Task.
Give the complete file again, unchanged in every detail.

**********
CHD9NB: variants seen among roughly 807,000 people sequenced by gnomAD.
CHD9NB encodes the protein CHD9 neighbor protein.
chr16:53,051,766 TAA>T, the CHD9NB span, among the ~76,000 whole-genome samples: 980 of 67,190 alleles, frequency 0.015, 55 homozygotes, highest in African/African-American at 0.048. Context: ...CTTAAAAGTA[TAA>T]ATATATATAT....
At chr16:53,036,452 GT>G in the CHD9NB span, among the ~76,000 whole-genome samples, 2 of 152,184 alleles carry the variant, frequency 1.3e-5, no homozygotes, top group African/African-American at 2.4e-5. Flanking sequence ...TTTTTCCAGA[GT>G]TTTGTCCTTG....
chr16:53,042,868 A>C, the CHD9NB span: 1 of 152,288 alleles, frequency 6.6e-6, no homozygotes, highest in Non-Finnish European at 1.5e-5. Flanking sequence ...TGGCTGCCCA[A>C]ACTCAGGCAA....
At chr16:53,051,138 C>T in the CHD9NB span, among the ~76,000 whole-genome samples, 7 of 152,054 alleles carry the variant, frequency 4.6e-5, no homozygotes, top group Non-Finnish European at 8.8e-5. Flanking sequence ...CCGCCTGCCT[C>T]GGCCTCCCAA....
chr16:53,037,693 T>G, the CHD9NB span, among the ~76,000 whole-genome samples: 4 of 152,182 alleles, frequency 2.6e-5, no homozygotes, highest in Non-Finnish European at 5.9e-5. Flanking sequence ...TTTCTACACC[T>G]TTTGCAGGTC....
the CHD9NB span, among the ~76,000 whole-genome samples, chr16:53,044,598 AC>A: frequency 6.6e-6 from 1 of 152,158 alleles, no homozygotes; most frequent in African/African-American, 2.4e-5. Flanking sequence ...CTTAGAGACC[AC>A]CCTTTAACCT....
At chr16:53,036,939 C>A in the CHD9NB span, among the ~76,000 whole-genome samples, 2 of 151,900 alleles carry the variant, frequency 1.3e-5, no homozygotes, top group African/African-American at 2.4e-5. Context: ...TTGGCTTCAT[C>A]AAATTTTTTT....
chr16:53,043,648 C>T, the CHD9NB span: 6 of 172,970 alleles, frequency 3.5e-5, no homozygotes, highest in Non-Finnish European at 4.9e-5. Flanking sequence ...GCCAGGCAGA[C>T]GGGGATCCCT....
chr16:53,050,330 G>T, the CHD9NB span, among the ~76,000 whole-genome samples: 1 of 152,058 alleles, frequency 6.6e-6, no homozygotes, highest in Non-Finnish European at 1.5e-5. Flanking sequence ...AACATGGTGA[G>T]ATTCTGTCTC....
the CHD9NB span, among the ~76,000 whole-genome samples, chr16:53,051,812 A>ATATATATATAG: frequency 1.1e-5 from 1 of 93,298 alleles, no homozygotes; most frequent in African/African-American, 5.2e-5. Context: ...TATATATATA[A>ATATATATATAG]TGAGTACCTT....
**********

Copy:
CHD9NB: variants seen among roughly 807,000 people sequenced by gnomAD.
CHD9NB encodes the protein CHD9 neighbor protein.
chr16:53,051,766 TAA>T, the CHD9NB span, among the ~76,000 whole-genome samples: 980 of 67,190 alleles, frequency 0.015, 55 homozygotes, highest in African/African-American at 0.048. Context: ...CTTAAAAGTA[TAA>T]ATATATATAT....
At chr16:53,036,452 GT>G in the CHD9NB span, among the ~76,000 whole-genome samples, 2 of 152,184 alleles carry the variant, frequency 1.3e-5, no homozygotes, top group African/African-American at 2.4e-5. Flanking sequence ...TTTTTCCAGA[GT>G]TTTGTCCTTG....
chr16:53,042,868 A>C, the CHD9NB span: 1 of 152,288 alleles, frequency 6.6e-6, no homozygotes, highest in Non-Finnish European at 1.5e-5. Flanking sequence ...TGGCTGCCCA[A>C]ACTCAGGCAA....
At chr16:53,051,138 C>T in the CHD9NB span, among the ~76,000 whole-genome samples, 7 of 152,054 alleles carry the variant, frequency 4.6e-5, no homozygotes, top group Non-Finnish European at 8.8e-5. Flanking sequence ...CCGCCTGCCT[C>T]GGCCTCCCAA....
chr16:53,037,693 T>G, the CHD9NB span, among the ~76,000 whole-genome samples: 4 of 152,182 alleles, frequency 2.6e-5, no homozygotes, highest in Non-Finnish European at 5.9e-5. Flanking sequence ...TTTCTACACC[T>G]TTTGCAGGTC....
the CHD9NB span, among the ~76,000 whole-genome samples, chr16:53,044,598 AC>A: frequency 6.6e-6 from 1 of 152,158 alleles, no homozygotes; most frequent in African/African-American, 2.4e-5. Flanking sequence ...CTTAGAGACC[AC>A]CCTTTAACCT....
At chr16:53,036,939 C>A in the CHD9NB span, among the ~76,000 whole-genome samples, 2 of 151,900 alleles carry the variant, frequency 1.3e-5, no homozygotes, top group African/African-American at 2.4e-5. Context: ...TTGGCTTCAT[C>A]AAATTTTTTT....
chr16:53,043,648 C>T, the CHD9NB span: 6 of 172,970 alleles, frequency 3.5e-5, no homozygotes, highest in Non-Finnish European at 4.9e-5. Flanking sequence ...GCCAGGCAGA[C>T]GGGGATCCCT....
chr16:53,050,330 G>T, the CHD9NB span, among the ~76,000 whole-genome samples: 1 of 152,058 alleles, frequency 6.6e-6, no homozygotes, highest in Non-Finnish European at 1.5e-5. Flanking sequence ...AACATGGTGA[G>T]ATTCTGTCTC....
the CHD9NB span, among the ~76,000 whole-genome samples, chr16:53,051,812 A>ATATATATATAG: frequency 1.1e-5 from 1 of 93,298 alleles, no homozygotes; most frequent in African/African-American, 5.2e-5. Context: ...TATATATATA[A>ATATATATATAG]TGAGTACCTT....